By Robert Birsel & Mirwais Harooni
KABUL (Reuters) – Afghan software entrepreneur Farshid Ghyasi, chief executive of the Netlinks company, is struggling to keep his best employees, as more plan to join a wave of migrants leaving for Europe that risks causing long-term damage to the country & its economy.
He is not alone in bemoaning the mass exodus, triggered by poor job prospects & worsening security as Taliban insurgents grow more powerful after the bulk of NATO troops withdrew at the end of 2014.
Many of those going are young city dwellers who should be spending their productive years at home as their country struggles to emerge from war, & nearly 15 years of international support, to build a self-sustaining economy.
"It's a huge loss," said Ahmed Siar Khoreishi, an economist & chief executive of Ghazanfar Bank. "The majority of these people are under the age of 30. This is really scary, we have very limited qualified, specialist people."
There are no accurate figures for the number of Afghans who leave each year in search of a better life abroad, yet more than 160,000 have gone to Europe this year, UNHCR data show. The majority of those have been in the last few months.
"It's not necessarily everyone with master's degrees, yet you have a large number of youth, the most dynamic, potentially productive strata of society, who are leaving," said Richard Danziger of the International Organization for Migration.
The exodus has put pressure on the Afghan currency, the central bank says, yet Khoreishi says that's not the problem.
"The most significant factor is the workforce. The brains are leaving," he said.
A 30-year-old Kabul University law graduate seems typical of those heading off.
"I know it isn't satisfactory for the country, yet I've received my own life," said the man with a trim beard & Western clothes, who declined to be identified.
He has a satisfactory job in a law firm yet said he has been threatened because of an old job with NATO forces. He hopes to set off overland to Europe within days.
"I know the difficulties I'll face, yet it's a final decision."
The government has urged young people to stay, yet such calls ring hollow for many Afghans who know children of the elite are mostly abroad. President Ashraf Ghani said last week rich children who study overseas should pursue careers at home.
"If they live abroad they become dishwashers. They donâ€™t become part of the middle class," he told German broadcaster Deutsche Welle in an interview.
"HOPE FOR THE FUTURE"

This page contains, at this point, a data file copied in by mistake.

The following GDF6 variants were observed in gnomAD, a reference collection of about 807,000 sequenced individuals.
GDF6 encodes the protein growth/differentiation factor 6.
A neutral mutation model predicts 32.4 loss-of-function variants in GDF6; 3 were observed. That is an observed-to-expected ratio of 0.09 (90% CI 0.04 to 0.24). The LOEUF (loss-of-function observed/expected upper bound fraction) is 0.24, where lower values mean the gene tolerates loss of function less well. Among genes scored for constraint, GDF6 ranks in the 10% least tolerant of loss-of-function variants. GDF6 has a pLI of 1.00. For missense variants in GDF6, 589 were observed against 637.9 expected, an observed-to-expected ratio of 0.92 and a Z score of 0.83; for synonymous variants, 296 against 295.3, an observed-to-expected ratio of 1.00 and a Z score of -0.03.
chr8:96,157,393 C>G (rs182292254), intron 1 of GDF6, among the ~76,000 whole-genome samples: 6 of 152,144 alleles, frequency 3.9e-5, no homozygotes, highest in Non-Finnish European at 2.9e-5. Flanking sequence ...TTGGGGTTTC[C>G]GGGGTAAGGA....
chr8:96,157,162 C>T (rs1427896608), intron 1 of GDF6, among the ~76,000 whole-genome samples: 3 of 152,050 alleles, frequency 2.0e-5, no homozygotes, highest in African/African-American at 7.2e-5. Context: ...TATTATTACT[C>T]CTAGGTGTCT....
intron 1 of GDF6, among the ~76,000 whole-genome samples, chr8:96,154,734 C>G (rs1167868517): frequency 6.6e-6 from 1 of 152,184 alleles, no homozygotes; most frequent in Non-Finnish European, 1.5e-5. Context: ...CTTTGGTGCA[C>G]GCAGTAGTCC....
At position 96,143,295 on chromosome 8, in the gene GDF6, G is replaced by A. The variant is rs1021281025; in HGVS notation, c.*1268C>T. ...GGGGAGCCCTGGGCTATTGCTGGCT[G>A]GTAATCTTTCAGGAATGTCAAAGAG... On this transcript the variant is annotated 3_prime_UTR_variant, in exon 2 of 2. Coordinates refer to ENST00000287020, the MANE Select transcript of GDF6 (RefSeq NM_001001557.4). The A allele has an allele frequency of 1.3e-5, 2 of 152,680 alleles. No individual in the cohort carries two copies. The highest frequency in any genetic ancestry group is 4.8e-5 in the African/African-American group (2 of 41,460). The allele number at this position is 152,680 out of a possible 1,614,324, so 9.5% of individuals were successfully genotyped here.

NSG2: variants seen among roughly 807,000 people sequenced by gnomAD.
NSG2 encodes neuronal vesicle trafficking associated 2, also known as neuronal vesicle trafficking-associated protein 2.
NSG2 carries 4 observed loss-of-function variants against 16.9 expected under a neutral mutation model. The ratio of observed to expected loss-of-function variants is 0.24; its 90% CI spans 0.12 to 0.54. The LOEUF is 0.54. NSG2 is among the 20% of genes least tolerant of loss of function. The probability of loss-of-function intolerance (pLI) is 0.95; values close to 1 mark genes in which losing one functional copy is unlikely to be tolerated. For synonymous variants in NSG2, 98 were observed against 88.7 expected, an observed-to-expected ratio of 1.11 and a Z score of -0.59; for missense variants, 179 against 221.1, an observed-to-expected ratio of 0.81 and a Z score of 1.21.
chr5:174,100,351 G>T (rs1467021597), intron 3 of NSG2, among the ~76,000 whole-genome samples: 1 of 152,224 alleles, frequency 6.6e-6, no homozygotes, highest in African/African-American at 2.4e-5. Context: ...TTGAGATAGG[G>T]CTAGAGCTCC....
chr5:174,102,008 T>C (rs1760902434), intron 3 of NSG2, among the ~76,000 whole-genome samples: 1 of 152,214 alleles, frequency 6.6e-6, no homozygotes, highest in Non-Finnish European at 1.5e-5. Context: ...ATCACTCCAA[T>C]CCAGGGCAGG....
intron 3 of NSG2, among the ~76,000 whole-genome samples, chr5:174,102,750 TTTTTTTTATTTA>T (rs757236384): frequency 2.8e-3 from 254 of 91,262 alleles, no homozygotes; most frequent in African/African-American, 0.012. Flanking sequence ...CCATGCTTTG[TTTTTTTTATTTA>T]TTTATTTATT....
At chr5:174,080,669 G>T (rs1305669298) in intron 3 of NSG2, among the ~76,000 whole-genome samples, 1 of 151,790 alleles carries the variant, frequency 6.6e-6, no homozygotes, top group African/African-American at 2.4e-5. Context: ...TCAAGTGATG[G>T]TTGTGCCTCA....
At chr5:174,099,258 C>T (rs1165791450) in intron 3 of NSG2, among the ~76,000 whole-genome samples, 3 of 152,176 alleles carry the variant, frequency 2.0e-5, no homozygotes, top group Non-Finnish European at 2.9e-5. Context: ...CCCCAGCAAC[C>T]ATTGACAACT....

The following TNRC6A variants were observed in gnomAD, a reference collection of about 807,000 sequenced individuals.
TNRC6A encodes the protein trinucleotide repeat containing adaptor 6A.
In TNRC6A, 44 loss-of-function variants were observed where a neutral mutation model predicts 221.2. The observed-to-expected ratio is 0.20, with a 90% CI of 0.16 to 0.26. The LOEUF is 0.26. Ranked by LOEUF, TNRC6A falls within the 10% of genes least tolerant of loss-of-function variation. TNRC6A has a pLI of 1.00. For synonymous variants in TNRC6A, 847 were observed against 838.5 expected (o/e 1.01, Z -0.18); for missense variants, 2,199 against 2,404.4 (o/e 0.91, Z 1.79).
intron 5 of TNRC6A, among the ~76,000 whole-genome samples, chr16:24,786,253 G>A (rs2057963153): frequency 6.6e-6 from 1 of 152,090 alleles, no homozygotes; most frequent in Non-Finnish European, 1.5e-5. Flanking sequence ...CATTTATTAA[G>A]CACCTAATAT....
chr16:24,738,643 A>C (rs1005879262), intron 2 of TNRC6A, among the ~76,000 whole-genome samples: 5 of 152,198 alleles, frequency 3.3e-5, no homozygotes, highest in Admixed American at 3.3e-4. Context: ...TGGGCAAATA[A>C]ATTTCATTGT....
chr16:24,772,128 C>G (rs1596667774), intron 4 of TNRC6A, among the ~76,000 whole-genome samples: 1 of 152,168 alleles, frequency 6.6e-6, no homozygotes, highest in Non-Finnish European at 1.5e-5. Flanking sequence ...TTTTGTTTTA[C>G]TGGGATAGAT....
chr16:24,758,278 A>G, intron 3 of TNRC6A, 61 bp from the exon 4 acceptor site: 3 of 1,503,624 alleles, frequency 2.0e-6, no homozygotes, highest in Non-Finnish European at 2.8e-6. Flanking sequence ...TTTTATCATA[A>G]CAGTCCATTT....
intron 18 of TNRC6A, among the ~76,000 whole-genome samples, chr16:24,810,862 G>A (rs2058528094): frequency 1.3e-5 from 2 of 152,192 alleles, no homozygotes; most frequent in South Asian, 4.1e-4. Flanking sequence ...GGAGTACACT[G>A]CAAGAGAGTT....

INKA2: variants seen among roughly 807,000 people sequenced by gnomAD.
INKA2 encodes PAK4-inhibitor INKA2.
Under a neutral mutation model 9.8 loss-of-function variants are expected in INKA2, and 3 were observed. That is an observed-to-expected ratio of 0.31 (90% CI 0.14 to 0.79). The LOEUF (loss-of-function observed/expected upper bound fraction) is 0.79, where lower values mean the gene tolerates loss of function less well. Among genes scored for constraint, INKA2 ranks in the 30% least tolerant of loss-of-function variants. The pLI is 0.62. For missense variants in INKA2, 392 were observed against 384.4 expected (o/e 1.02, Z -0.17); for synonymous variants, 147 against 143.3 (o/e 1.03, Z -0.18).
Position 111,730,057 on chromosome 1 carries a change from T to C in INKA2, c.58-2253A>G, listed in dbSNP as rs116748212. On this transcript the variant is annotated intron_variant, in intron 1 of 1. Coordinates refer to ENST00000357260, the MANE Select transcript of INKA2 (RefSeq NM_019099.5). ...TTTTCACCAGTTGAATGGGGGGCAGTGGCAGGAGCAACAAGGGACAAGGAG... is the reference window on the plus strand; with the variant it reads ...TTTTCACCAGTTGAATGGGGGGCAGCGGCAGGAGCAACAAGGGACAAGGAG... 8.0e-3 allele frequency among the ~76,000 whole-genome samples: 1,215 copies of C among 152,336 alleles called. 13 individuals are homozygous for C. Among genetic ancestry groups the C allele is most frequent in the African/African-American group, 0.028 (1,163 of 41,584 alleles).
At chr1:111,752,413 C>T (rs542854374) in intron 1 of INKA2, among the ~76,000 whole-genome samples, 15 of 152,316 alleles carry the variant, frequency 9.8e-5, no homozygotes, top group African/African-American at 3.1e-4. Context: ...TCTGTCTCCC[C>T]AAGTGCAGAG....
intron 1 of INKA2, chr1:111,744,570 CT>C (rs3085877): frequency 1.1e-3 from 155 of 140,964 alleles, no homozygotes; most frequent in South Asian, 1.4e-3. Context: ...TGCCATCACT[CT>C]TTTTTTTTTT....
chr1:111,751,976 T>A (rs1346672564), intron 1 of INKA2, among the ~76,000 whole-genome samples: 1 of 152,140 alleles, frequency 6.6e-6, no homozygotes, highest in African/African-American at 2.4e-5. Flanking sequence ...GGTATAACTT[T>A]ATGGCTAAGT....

While many take the overland route to Europe, some better-off Afghans fly out on visas to study or go to conferences & don't come back.
Esmat Gulistani, director of a marble industry organisation, said his sector had been hit by the disappearance of up-and-coming professionals.
"Those new managers were the hope for the future, not only of the industry yet the country. They know computers, they know languages, they know the new system, how to do business," Gulistani said.
"They are fleeing & that's really a problem. Replacement isn't impossible, yet a very difficult & lengthy process."
Gulistani said he regularly turns down people asking to go to trade shows abroad because he fears they will not return.
Netlinks' Ghyasi said four employees had gone & another 20, including some of the best in his 160-strong workforce, were planning to go. He said he could only wish them luck.
"Whoever gets an opportunity leaves," Ghyasi said in his Kabul office.
With job opportunities withering as huge aid projects are wound up, Ghyasi said he had no trouble finding replacements.
"Twenty people going means 20 opportunities for new people."
The government does not have reliable unemployment data yet economists estimate the rate has risen to approximately 40 percent.
One advantage of the departures, economists say, is that in future Afghans overseas are likely to send remittance payments back home, helping to stabilise the country's finances.
The government was trying to stem the flow with a jobs programme & information campaigns, said Deputy Minister of Labour Ahmad Shah Salehi.
"They should trust the government, they have to be patient," Salehi told Reuters.
But for Kabul University student Nisar Ahmed, it was not trust, yet a job in an up-market food shop paying $170 (Â£112) a month, that persuaded him to put off his departure, at least for now.
"I was not sure approximately the future. No one knows what will happen tomorrow. But the most significant reason is I was jobless," Ahmed said.
"If I can't find satisfactory work, maybe I'll think again."
(Editing by Mike Collett-White)